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Teen Wolf Boss Talks Stiles and Derek's Popularity, Shipping and More

Tyler Hoechlin, Dylan O'Brien, Teen Wolf Paul Abell/PictureGroup/MTV

Teen Wolf is home to one of most popular gay couples on TV. One problem: The characters aren't a couple.

Entertainment Weekly found themselves at the center of a fandom controversy when they removed write-in nominations for Teen Wolf's Stiles (Dylan O'Brien) and Derek (Tyler Hoechlin) from a poll asking for readers' favorite Summer ship (short for 'relationship,' get it?). The "Sterek" fans? Less than pleased.

"Take it from me," the show's creator Jeff Davis wrote to the magazine on Twitter. "Hell hath no fury like a shipper scorned."

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In an update, EW wrote, "The reason Sterek didn't make the category is because it's not an acknowledged will-they-or-won't-they storyline on the show itself. The pairings we included in that category all share a scripted, long-established dynamic on their show."

In an effort to understand why fans are so passionate about Stiles and Derek, we chatted with Jeff about the evolution of the characters' friendship, his views on shipping and why viewers respond to same-sex pairings.

"I know certain reasons are the humor and the actors' chemistry together. And I know the actors themselves enjoy the scenes together," Jeff explains of Stiles and Derek's popularity. "There's always a lot of fun to be had with characters who seemingly despise each other and then have to work together to survive. In a funny way, that's how a lot of romantic comedies begin. The two leads always start out absolutely hating each other until they find their common ground."

Sarah-Louise, a Teen Wolf viewers who is a "Sterek" fan, tells us why she's a fan of the pairing: "It's awesome? Seriously though it has so much potential and they have ridiculous chemistry that needs to be explored." Aspa, another "Sterek" fan adds, "The actors' chemistry is one thing. Also Derek being broody, badass werewolf having to deal with awkward, human sidekick Stiles is fun."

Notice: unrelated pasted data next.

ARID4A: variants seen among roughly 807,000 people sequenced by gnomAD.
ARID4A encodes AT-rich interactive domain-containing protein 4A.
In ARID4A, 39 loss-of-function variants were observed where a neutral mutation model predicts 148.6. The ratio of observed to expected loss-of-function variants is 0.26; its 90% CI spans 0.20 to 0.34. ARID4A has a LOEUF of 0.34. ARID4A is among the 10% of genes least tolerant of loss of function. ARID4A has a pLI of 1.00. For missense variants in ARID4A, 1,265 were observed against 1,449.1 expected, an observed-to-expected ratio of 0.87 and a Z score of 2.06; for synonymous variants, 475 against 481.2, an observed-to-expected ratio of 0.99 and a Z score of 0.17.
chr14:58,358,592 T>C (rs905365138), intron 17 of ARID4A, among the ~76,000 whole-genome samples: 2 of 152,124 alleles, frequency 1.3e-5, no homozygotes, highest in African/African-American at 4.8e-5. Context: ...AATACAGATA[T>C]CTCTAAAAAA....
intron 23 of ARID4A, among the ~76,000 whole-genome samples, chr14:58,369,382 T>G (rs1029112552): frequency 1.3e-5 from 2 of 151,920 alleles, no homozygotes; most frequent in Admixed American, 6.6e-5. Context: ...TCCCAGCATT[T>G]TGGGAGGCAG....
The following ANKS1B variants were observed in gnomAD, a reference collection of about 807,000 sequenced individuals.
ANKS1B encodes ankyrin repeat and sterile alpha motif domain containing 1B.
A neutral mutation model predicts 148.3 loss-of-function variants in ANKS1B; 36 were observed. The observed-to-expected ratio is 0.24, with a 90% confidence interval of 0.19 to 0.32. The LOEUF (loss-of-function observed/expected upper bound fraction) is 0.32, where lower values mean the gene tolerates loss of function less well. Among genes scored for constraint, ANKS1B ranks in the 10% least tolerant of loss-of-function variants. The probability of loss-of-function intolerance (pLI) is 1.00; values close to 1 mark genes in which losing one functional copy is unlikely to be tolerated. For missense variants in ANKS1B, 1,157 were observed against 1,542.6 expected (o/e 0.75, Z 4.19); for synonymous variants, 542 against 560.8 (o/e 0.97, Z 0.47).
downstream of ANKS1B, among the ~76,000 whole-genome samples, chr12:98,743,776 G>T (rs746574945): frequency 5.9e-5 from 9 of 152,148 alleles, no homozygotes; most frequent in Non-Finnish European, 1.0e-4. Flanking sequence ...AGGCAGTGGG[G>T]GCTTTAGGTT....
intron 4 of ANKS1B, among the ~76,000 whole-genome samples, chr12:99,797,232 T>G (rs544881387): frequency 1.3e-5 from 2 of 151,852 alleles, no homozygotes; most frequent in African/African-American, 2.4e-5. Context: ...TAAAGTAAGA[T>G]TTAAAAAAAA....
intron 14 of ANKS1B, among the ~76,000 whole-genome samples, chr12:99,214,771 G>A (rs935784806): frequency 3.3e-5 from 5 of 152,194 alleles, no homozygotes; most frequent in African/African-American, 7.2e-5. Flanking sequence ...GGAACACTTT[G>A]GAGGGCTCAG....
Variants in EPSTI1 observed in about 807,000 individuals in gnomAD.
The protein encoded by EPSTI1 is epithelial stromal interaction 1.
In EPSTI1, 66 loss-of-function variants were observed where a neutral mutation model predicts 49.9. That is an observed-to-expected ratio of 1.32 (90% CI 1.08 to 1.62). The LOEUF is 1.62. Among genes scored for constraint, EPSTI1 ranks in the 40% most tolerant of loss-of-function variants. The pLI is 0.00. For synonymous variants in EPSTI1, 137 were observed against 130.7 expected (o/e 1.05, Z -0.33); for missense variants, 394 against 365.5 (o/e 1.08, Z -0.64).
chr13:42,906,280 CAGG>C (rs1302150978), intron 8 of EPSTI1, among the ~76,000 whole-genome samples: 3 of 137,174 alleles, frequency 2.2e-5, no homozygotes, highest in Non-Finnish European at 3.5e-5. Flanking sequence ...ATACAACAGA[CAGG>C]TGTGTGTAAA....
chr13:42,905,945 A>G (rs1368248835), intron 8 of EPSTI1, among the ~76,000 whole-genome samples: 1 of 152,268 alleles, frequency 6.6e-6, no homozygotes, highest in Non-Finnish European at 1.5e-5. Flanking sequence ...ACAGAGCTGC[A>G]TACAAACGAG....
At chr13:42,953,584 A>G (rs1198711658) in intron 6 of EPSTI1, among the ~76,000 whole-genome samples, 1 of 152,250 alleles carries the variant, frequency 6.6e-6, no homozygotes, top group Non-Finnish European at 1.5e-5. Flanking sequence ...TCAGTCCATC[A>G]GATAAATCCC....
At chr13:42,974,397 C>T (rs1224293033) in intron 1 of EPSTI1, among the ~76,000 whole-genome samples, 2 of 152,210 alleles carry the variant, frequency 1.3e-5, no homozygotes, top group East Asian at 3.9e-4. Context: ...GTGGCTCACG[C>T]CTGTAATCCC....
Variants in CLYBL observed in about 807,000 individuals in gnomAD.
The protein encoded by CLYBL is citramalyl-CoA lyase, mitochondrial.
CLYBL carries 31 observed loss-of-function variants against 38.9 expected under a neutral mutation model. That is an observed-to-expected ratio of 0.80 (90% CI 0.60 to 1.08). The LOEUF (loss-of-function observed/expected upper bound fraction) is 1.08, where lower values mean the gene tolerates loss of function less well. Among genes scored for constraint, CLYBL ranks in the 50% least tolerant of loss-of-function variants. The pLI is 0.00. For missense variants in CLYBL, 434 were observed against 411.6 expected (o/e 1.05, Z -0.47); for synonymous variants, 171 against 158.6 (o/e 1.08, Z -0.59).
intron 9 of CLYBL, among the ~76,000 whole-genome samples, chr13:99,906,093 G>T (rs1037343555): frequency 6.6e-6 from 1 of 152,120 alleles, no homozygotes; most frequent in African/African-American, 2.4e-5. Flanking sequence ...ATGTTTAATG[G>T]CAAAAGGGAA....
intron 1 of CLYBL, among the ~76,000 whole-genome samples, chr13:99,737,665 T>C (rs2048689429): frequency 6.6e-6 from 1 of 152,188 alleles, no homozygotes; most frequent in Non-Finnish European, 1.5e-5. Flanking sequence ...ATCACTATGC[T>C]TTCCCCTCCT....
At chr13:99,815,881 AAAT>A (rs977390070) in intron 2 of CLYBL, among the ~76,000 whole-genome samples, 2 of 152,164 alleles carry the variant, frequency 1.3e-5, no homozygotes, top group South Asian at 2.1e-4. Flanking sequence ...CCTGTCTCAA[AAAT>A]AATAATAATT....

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Jeff admits that his original plans for the show did not include Stiles and Derek's tentative friendship, but he started to write more scenes, largely comedic in nature, for the pairing after seeing the onscreen chemistry between the actors.

"Seeing chemistry happen on screen absolutely drives storytelling in television. You're capturing lightning in a bottle. Once you see that first spark you race to catch it. And you never knew who will have the right chemistry. I saw Derek and Stiles mostly as comic foils for each other," he explains. "To be honest, the romance side is something I never thought about until I learned of 'Sterek.' When I first heard the word, I understood it in terms of what little I knew about slash fiction, going back to pairings such as Kirk and Spock [Star Trek], Frodo and Sam [Lord of the Rings].

"I initially thought that these pairings were just in the realm of fan fiction. I understood it as a way for fans to do their own interpretation of a story. Write the characters in the way they envisioned them. Kind of like a 'what if' universe," he continues. "I had no idea that my Twitter account would be pummeled by pleas and requests to actually make Stiles and Derek a pair in the show itself, to become 'canon.'"